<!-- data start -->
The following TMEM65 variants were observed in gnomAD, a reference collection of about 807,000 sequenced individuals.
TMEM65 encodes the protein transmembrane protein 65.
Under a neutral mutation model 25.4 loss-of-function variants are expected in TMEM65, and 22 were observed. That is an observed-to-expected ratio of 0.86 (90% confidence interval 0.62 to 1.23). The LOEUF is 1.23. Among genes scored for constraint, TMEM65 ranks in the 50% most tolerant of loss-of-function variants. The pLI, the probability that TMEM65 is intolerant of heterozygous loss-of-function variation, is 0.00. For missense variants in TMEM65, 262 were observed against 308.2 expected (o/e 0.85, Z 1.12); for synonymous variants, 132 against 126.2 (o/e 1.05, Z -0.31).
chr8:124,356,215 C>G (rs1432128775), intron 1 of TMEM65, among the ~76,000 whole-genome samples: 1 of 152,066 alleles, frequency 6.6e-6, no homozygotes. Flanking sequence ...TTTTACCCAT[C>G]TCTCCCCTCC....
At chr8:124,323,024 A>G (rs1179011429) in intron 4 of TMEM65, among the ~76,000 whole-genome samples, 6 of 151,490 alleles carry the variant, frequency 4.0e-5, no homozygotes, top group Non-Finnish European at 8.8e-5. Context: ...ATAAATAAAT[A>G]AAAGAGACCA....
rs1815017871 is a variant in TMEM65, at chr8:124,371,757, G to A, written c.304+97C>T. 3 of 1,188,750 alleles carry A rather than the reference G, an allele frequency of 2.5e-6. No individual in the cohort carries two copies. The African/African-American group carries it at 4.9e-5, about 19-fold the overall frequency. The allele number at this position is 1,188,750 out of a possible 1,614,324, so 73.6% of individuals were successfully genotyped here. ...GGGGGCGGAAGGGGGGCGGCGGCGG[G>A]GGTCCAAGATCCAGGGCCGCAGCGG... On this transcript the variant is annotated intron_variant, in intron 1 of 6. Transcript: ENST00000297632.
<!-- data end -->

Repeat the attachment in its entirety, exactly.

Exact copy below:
The following TMEM65 variants were observed in gnomAD, a reference collection of about 807,000 sequenced individuals.
TMEM65 encodes the protein transmembrane protein 65.
Under a neutral mutation model 25.4 loss-of-function variants are expected in TMEM65, and 22 were observed. That is an observed-to-expected ratio of 0.86 (90% confidence interval 0.62 to 1.23). The LOEUF is 1.23. Among genes scored for constraint, TMEM65 ranks in the 50% most tolerant of loss-of-function variants. The pLI, the probability that TMEM65 is intolerant of heterozygous loss-of-function variation, is 0.00. For missense variants in TMEM65, 262 were observed against 308.2 expected (o/e 0.85, Z 1.12); for synonymous variants, 132 against 126.2 (o/e 1.05, Z -0.31).
chr8:124,356,215 C>G (rs1432128775), intron 1 of TMEM65, among the ~76,000 whole-genome samples: 1 of 152,066 alleles, frequency 6.6e-6, no homozygotes. Flanking sequence ...TTTTACCCAT[C>G]TCTCCCCTCC....
At chr8:124,323,024 A>G (rs1179011429) in intron 4 of TMEM65, among the ~76,000 whole-genome samples, 6 of 151,490 alleles carry the variant, frequency 4.0e-5, no homozygotes, top group Non-Finnish European at 8.8e-5. Context: ...ATAAATAAAT[A>G]AAAGAGACCA....
rs1815017871 is a variant in TMEM65, at chr8:124,371,757, G to A, written c.304+97C>T. 3 of 1,188,750 alleles carry A rather than the reference G, an allele frequency of 2.5e-6. No individual in the cohort carries two copies. The African/African-American group carries it at 4.9e-5, about 19-fold the overall frequency. The allele number at this position is 1,188,750 out of a possible 1,614,324, so 73.6% of individuals were successfully genotyped here. ...GGGGGCGGAAGGGGGGCGGCGGCGG[G>A]GGTCCAAGATCCAGGGCCGCAGCGG... On this transcript the variant is annotated intron_variant, in intron 1 of 6. Transcript: ENST00000297632.